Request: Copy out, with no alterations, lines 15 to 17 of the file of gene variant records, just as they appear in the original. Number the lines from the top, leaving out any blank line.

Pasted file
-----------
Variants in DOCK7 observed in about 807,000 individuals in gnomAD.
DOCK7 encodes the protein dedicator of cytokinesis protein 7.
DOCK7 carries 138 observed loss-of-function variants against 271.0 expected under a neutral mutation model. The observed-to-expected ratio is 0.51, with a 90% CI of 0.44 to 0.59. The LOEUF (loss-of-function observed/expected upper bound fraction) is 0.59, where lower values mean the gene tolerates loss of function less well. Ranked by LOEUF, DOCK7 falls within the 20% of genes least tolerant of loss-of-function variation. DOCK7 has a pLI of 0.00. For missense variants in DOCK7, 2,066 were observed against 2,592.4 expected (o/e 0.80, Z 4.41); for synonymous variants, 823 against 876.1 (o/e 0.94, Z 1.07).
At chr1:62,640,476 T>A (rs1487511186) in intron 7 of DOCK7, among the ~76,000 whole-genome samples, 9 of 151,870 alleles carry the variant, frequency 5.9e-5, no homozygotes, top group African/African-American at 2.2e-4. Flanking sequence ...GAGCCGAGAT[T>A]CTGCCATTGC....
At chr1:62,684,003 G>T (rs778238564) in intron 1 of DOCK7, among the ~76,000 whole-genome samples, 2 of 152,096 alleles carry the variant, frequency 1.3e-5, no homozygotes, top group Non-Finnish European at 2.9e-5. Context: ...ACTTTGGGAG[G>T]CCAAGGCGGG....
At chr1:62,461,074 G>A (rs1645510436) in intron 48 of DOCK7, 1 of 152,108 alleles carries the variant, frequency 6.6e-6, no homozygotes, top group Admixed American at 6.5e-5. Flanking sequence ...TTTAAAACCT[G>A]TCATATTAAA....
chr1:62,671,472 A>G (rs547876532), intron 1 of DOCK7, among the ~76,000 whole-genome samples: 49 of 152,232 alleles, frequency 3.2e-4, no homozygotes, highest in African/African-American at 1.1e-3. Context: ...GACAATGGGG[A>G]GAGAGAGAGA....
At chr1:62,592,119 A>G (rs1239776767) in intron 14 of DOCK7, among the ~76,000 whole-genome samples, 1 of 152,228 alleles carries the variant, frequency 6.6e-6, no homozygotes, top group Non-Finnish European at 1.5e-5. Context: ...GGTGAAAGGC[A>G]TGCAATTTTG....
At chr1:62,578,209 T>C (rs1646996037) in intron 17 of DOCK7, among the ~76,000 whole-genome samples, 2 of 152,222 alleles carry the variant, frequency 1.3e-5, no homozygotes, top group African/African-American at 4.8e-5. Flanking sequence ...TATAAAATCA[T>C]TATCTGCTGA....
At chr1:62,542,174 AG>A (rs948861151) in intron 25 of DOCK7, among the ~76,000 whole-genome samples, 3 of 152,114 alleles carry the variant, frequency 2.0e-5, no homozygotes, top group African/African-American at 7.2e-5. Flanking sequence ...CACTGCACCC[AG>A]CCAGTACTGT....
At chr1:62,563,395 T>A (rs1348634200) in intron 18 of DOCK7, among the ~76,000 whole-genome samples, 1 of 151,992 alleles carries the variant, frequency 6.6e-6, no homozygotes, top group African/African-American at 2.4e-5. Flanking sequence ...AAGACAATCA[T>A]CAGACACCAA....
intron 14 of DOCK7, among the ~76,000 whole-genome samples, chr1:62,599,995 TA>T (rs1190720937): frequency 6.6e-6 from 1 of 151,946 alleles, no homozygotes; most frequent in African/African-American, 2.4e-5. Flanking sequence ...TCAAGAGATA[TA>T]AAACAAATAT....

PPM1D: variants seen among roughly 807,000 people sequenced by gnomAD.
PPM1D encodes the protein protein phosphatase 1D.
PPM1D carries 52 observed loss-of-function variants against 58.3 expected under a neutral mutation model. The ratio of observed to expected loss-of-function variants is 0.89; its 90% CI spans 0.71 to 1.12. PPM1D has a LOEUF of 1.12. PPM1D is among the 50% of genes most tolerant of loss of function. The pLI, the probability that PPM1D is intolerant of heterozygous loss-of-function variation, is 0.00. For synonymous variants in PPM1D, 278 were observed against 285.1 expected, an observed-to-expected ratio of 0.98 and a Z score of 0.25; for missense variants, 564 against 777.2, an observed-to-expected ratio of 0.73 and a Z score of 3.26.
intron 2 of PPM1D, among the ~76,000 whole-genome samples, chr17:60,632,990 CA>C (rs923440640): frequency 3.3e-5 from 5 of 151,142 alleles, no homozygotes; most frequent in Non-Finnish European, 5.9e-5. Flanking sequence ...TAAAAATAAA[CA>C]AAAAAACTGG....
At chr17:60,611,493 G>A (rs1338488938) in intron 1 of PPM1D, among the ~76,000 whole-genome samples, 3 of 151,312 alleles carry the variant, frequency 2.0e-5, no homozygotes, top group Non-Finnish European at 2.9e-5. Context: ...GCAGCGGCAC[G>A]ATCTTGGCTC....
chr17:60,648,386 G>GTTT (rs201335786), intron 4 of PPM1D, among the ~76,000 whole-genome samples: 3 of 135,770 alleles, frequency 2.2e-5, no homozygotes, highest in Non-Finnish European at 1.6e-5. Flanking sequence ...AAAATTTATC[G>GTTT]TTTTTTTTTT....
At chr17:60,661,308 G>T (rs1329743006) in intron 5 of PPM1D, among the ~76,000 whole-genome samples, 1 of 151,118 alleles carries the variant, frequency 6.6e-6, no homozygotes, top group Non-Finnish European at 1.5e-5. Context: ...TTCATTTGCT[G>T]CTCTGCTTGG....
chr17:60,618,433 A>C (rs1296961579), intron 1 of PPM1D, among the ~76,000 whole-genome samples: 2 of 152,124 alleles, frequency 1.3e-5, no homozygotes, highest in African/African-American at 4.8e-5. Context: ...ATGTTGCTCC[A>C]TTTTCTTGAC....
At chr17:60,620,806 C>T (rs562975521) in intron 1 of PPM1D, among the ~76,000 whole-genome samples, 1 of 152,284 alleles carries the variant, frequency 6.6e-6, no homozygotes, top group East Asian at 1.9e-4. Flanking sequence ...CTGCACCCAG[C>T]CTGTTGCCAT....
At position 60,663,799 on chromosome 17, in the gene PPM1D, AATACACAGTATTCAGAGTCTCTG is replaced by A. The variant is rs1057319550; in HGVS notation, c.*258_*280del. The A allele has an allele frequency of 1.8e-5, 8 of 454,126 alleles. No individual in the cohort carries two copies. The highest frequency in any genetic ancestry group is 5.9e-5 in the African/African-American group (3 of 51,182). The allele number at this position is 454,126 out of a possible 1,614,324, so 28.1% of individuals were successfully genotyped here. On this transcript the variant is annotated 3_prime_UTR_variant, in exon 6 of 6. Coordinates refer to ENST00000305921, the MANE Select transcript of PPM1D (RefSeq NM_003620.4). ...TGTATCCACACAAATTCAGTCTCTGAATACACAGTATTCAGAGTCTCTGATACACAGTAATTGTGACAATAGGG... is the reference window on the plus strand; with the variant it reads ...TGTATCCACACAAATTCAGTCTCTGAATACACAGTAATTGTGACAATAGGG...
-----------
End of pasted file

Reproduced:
PPM1D carries 52 observed loss-of-function variants against 58.3 expected under a neutral mutation model. The ratio of observed to expected loss-of-function variants is 0.89; its 90% CI spans 0.71 to 1.12. PPM1D has a LOEUF of 1.12. PPM1D is among the 50% of genes most tolerant of loss of function. The pLI, the probability that PPM1D is intolerant of heterozygous loss-of-function variation, is 0.00. For synonymous variants in PPM1D, 278 were observed against 285.1 expected, an observed-to-expected ratio of 0.98 and a Z score of 0.25; for missense variants, 564 against 777.2, an observed-to-expected ratio of 0.73 and a Z score of 3.26.
intron 2 of PPM1D, among the ~76,000 whole-genome samples, chr17:60,632,990 CA>C (rs923440640): frequency 3.3e-5 from 5 of 151,142 alleles, no homozygotes; most frequent in Non-Finnish European, 5.9e-5. Flanking sequence ...TAAAAATAAA[CA>C]AAAAAACTGG....
At chr17:60,611,493 G>A (rs1338488938) in intron 1 of PPM1D, among the ~76,000 whole-genome samples, 3 of 151,312 alleles carry the variant, frequency 2.0e-5, no homozygotes, top group Non-Finnish European at 2.9e-5. Context: ...GCAGCGGCAC[G>A]ATCTTGGCTC....